[00:03:22.34] spk_1:
separate, awesome, awesome. So scale stands for social media content, audience lead an execution and like you said, we’ll go into each part of that scale method and how you can use that skill method.

[00:03:36.94] spk_0:
Okay. And you’ve obviously seen success with this with nonprofits that you work

[00:04:00.24] spk_1:
with. Yes. Yes. Yes. So I work with a small nonprofits all the way to midsize nonprofits and I’ve used a scale method on them. The process is very simple to follow. Um, as long as you really stick to that scale method, I know you’re gonna see some, some really good results from getting people from your social media and building that are all the way into getting people to donate, getting those funds.

[00:04:03.46] spk_0:
Okay. Well small and mid sized shops. Those are our listeners. Yeah.

[00:04:07.91] spk_1:
So

[00:04:11.74] spk_0:
Perfect. All right. So, um, social media, right For us. Okay. What do you have your principles here? What do you like to see done here?

[00:05:00.74] spk_1:
So one of the things that I know a lot of non profits and even for profits getting mixed up is they feel like they need to be everywhere. And that’s not always the case. So the first thing you want to make for sure is that you really hone down on that persona and your target of who do you want to have, um, come into your, your nonprofit or follow your nonprofit and who is that potential donor look like? Because that’s going to be really important when it comes to choosing the right social media platform. Each social media platform has their own features. Um, they attract different types of audiences. And so it’s important if you don’t know who that persona is, you might pick the wrong one and focus your efforts on the wrong one. So number one is to really hone in on your target, Once you figure that out and you choose a social media platform, that’s when the fun begins because now, you know, that’s where my audience is and this is where I can start putting out that content.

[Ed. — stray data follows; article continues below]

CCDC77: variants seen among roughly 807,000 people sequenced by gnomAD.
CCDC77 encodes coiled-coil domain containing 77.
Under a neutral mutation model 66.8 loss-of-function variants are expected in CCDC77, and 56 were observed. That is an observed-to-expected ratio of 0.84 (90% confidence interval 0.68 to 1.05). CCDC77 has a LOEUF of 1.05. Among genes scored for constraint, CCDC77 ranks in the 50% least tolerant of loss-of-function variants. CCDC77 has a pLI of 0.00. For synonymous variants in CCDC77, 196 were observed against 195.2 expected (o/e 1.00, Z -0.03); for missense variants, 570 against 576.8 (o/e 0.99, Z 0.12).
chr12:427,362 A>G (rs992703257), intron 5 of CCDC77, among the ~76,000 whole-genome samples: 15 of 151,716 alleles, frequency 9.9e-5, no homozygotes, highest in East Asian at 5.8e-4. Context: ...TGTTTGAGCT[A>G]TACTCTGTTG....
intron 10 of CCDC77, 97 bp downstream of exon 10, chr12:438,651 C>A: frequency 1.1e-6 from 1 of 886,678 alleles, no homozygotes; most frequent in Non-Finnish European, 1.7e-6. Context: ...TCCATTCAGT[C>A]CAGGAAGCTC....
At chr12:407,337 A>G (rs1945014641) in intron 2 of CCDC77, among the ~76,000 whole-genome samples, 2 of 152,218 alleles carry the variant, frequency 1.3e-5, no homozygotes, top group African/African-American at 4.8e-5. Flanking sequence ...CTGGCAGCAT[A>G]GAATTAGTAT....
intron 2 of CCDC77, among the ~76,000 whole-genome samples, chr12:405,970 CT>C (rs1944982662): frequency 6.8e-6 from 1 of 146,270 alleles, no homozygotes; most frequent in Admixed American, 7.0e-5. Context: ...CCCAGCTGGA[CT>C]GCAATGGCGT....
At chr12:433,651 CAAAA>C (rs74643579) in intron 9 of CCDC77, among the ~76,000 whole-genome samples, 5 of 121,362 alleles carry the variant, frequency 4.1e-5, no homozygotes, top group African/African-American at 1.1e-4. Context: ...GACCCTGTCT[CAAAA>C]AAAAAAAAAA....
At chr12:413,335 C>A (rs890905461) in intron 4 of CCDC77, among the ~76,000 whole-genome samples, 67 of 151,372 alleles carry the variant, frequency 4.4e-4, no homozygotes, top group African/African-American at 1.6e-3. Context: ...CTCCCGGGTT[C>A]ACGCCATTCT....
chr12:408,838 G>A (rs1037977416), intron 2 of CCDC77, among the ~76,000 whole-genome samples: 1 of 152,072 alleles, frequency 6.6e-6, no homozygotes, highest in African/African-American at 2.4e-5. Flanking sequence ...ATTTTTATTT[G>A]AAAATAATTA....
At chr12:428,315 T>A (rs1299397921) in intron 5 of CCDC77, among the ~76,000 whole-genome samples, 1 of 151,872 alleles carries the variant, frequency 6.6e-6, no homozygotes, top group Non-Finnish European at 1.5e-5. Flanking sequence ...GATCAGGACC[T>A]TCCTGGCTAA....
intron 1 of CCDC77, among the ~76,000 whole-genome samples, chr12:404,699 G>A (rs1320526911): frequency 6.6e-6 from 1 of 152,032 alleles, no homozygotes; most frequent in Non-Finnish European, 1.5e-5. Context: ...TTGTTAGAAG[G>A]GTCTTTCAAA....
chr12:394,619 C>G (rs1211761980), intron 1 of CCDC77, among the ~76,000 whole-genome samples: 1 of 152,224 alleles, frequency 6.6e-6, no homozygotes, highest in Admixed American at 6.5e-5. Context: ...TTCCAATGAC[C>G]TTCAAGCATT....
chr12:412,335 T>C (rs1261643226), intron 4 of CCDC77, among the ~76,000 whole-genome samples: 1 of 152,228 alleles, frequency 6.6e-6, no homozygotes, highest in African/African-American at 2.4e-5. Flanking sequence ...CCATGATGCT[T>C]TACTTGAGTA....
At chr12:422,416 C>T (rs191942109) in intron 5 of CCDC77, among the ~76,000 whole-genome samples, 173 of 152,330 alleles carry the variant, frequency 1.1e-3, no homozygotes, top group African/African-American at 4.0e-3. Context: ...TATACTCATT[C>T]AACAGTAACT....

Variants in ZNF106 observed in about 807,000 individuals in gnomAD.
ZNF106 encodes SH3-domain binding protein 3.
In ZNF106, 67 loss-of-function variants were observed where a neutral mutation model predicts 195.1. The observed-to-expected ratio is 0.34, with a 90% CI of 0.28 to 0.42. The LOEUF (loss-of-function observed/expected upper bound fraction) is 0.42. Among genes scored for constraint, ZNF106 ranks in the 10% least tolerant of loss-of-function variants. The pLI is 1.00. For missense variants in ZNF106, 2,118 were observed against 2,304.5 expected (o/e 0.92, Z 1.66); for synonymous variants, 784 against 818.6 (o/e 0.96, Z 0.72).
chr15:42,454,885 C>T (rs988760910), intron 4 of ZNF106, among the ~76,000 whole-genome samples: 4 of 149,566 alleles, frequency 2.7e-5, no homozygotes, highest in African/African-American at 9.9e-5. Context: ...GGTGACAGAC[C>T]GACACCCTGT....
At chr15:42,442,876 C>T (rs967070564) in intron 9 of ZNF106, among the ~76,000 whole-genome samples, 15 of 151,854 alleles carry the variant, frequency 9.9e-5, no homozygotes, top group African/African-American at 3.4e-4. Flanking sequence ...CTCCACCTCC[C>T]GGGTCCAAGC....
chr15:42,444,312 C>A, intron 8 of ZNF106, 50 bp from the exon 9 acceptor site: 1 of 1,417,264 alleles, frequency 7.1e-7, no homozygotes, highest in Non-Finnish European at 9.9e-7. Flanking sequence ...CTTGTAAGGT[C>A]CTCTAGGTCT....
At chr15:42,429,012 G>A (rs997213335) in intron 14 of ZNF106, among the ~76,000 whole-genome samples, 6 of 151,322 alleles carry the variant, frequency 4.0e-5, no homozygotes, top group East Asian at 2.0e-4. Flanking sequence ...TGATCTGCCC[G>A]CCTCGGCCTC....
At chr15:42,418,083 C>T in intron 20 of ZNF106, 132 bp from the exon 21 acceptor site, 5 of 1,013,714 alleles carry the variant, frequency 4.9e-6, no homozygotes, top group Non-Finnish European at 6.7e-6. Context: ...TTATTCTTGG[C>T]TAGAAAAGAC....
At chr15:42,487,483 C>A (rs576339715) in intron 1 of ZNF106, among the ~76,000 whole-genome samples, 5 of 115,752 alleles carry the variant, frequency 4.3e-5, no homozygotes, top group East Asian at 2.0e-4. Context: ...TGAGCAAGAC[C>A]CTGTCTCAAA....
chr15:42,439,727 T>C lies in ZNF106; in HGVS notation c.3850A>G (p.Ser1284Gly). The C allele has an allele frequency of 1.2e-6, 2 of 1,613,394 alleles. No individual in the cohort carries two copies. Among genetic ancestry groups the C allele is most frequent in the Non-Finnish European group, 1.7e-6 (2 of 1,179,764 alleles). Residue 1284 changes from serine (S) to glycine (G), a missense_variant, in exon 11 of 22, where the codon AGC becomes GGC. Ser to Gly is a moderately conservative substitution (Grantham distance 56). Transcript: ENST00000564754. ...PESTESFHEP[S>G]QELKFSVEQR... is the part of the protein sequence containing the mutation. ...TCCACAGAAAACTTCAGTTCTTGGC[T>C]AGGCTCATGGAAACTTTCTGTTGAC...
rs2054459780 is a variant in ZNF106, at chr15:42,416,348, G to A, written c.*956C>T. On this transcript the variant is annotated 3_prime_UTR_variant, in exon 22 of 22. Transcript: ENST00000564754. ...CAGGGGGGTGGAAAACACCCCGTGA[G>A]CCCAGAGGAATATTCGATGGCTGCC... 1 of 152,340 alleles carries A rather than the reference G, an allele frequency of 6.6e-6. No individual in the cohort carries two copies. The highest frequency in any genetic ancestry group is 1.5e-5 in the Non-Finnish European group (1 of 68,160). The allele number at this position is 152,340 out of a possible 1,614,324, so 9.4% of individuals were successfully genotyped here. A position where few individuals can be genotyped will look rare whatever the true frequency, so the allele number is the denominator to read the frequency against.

[00:05:09.64] spk_0:
Okay, okay, before we get to the content. So you want folks to look ahead to what the future donor is going to look like so that they’re on the right social networks?

[00:05:39.84] spk_1:
Yes. You have to know exactly who you want to attract. And for those of you who have already, you guys already have an organization going, you need to just look at the people who have already actively been involved with you, like who are the people who come to your events, who are the people who register uh, for your webinars or whatever your fundraising events are. Look at those people and see where would they particularly be on social media, That’s where you want to start attracting people who are already interested in your organization and picking more people, just like those people.

[00:05:48.64] spk_0:
Okay. Right, Right. Makes sense. All right. So, um, you know, be a little specific about some of the, some of the platforms, like, you know why my, why might you choose instagram over twitter for instance?

[00:07:24.74] spk_1: